Gray Component Replacement. A technique for adding detail to an image by reducing the amounts of cyan, magenta, and yellow and replacing them with black.
Grey component replacement. A color separation setting used on color photographs where cyan, magenta and yellow inks are swapped out of an image (in a balance that would yield a grey value) and black ink is swapped in instead. The advantages are a reduction in overall ink usage, a more consistent press run, and some increase in image detail.
gray component replacement. Also called achromatic color replacement (ACR), integrated color removal (ICR), and polychromatic color removal (PCR). Removing the achromatic (also called contaminant or graying) component of cyan, magenta, and yellow when they all combine and replacing it with black. Gray component replacement is distinct from under color removal, which reduces process colors in only dark, neutral areas and adds black. GCR separation is done with specialized software on electronic scanners.
Gray component reduction. A method of producing a COLOR SEPARATION that represents dark tones and gray values in an image by combining all four of the primary colors Cyan, Magenta, Yellow, and Black. GCR produces images with richer color and higher saturation than UCR, at the cost of greater TOTAL INK. GCR is usually used to produce CMYK images that will be printed on glossy paper.
Black ink replacement of neutral colours throughout an image in a colour separation (CMYK image)
The process by which gray tones are proportionally removed from the exact amounts of cyan, magenta and yellow that make up gray and replaced by the corresponding quantity of black ink. This is primarily performed for neutral color tones and in the gray components of unsaturated colors. The process allows for ink reduction and reduces the effects of color shifts.
Grey Component Replacement. Commonly known as GCR, this process involves replacing the grey tone in the cyan, magenta and yellow plates, with black ink, during the colour separation process. Not to be confused with Undercolor Removal.
Acronym for Grey Component Replacement.
Gray component replacement, a separation technique for replacing cyan, magenta, and yellow inks with black.
Gray component replacement. A color separation term referring to the act of removing a percentage of cyan, magenta and yellow inks from an image and replacing them with black ink. This reduces the total amount of ink in the images, allowing better print quality.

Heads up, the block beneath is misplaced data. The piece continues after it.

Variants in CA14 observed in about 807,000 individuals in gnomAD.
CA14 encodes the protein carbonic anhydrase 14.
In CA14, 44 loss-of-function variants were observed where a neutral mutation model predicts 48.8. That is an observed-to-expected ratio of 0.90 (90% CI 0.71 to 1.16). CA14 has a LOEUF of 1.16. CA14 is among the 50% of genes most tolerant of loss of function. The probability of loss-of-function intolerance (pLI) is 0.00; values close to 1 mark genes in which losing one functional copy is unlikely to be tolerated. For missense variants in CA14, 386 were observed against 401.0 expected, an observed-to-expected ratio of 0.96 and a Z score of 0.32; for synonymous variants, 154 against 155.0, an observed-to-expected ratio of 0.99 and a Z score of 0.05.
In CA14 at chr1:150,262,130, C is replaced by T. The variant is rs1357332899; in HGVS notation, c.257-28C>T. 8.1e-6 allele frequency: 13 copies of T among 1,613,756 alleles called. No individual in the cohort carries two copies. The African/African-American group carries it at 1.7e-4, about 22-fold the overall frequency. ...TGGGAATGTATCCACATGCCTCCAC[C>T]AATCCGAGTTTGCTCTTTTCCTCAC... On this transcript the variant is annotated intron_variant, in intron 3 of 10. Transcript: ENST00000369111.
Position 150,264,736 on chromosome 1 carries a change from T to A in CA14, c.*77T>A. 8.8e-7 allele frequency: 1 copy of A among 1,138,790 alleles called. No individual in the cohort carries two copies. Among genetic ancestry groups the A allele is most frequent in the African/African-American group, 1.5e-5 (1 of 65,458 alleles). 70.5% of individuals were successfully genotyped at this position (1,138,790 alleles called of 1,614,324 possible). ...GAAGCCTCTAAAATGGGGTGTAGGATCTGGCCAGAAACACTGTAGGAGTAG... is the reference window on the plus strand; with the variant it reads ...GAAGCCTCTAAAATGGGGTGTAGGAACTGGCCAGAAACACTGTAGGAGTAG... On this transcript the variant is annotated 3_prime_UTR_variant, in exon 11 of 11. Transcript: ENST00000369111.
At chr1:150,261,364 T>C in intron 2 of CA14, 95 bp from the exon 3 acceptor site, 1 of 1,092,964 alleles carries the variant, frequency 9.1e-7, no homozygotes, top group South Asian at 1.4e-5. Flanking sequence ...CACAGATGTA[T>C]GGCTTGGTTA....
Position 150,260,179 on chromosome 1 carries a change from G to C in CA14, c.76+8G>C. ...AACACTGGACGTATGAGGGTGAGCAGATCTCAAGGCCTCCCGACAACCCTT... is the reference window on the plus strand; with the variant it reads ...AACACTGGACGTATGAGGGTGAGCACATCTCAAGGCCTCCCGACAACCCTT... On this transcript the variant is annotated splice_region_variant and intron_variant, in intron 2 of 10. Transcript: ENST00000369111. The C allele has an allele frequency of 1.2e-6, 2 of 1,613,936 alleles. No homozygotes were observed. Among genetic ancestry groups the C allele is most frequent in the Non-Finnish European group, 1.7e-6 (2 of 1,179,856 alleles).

Gray component replacement. A technique for adding detail by reducing the amount of cyan, magenta and yellow in chromatic or coloured areas, replacing them with black.
Gray component replacement. A color separation technique that uses black instead of combinations of cyan, magenta, and yellow in reproducing the gray components of colors. This provides a more economical use of inks and improved color trapping.
Abbreviation for gray component replacement, a technique for minimizing ink coverage. When TrapWise converts RGB data to CMYK, it analyzes a bitmap image for gray tones composed of cyan, magenta, or yellow and replaces those colors with a similar percentage of black.
Acronym for Gray Component Replacement.
Gray Component Replacement. The technique of replacing gray tones in the yellow, cyan and magenta films, made while color separating, with black ink. Also referred to as achromatic color removal.
Color separation process in which black ink is used to replace cyan, magenta, and yellow (CMY) in mid-tome and highlight areas where the three inks overlap, in order to reduce ink consumption and drying time. (Similar to UCR.)
A type of process colour separation that determines the amount of black ink used to replace Cyan, Magenta, and Yellow in areas where those three inks overlap.
Abbreviation for gray component replacement; the separation technique where black ink is used to replace either a portion of the unwanted component in a saturated colour, or a combination of cyan, magenta, and yellow equivalent to the unwanted component. Typically specified to improve colour control on older presses.
Scanners. A technique for reducing the amount of cyan, magenta and yellow in an area and replacing them with an appropriate level of black